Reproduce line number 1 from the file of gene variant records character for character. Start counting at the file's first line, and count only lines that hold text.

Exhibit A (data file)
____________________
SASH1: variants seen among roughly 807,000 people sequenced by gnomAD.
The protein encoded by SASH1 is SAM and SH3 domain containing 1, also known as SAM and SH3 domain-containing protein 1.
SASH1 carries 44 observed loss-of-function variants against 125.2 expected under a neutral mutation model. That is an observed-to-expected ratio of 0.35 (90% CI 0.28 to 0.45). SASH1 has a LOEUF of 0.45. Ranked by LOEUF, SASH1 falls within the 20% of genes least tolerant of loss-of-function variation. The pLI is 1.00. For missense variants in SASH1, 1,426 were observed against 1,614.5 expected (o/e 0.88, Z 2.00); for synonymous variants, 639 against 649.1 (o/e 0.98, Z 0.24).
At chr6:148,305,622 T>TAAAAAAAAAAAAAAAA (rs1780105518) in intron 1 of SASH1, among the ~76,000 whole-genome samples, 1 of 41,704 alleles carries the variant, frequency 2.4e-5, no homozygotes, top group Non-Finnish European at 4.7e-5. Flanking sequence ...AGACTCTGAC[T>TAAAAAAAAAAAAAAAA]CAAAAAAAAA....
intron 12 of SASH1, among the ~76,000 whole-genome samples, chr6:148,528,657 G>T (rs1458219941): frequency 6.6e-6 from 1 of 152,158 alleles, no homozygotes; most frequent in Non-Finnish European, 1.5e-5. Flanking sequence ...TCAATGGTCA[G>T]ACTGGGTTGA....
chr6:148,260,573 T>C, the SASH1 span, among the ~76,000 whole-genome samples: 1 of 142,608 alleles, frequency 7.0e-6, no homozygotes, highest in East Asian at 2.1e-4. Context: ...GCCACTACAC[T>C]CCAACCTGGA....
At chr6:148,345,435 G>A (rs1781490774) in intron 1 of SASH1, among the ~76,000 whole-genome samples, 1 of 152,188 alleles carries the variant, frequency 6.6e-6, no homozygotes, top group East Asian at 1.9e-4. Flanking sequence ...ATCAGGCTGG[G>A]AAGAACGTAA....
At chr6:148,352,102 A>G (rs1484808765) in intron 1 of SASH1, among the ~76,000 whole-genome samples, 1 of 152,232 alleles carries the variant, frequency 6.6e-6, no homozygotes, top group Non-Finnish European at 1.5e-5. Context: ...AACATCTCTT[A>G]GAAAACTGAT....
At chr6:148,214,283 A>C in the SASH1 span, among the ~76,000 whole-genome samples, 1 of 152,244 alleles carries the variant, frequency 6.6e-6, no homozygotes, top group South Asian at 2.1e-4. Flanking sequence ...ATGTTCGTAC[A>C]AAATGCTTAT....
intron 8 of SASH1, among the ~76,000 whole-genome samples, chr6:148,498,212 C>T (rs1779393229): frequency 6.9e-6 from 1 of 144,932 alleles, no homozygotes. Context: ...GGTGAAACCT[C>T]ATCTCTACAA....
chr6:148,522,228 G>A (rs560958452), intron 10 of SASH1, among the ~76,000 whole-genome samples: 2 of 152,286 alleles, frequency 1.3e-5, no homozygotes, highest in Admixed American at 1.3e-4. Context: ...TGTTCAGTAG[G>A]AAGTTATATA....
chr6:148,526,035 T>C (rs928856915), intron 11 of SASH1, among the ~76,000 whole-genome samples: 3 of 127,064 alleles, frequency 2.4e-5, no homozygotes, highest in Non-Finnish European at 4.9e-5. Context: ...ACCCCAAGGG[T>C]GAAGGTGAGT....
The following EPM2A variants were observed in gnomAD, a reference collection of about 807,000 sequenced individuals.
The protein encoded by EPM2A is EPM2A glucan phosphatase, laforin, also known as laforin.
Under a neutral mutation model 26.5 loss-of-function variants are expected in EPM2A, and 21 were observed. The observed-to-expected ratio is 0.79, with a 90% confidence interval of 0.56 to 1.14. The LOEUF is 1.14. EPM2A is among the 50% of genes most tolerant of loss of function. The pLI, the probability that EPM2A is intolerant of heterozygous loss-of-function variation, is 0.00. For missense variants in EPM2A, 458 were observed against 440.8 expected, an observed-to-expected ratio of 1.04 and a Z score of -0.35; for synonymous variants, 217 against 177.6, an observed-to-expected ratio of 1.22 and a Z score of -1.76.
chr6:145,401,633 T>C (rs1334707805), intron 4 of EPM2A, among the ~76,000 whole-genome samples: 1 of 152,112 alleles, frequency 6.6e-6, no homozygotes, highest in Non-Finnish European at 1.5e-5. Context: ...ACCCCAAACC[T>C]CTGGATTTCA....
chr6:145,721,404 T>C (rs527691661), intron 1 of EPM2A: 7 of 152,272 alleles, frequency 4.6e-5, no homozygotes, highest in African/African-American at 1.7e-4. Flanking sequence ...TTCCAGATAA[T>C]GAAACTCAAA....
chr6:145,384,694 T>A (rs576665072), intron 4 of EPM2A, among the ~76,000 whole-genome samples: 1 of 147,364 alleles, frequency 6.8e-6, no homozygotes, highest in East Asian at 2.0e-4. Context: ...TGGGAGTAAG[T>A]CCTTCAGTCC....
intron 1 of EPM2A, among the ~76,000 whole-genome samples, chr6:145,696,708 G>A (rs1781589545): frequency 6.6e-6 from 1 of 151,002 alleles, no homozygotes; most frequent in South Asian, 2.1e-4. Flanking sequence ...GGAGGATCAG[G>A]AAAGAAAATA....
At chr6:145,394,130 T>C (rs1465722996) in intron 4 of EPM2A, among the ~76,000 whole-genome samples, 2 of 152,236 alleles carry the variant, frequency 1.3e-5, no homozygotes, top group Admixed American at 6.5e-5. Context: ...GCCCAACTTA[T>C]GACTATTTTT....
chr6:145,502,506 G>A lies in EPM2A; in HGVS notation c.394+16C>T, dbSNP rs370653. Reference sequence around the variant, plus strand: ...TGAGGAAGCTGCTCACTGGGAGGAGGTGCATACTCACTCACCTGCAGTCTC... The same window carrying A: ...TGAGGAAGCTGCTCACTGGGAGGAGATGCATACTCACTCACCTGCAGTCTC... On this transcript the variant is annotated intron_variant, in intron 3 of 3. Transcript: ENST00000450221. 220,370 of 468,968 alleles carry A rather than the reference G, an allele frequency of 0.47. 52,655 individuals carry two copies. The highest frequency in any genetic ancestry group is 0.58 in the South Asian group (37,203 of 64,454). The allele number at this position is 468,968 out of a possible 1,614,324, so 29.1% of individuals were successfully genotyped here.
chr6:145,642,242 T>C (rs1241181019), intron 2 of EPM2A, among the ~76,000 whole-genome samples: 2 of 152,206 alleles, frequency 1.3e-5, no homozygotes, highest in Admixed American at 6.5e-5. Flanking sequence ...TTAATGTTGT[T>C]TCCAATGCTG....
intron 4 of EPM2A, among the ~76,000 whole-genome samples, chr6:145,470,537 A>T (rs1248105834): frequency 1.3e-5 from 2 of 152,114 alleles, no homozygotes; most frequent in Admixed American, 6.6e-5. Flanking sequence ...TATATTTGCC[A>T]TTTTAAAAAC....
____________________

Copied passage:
SASH1: variants seen among roughly 807,000 people sequenced by gnomAD.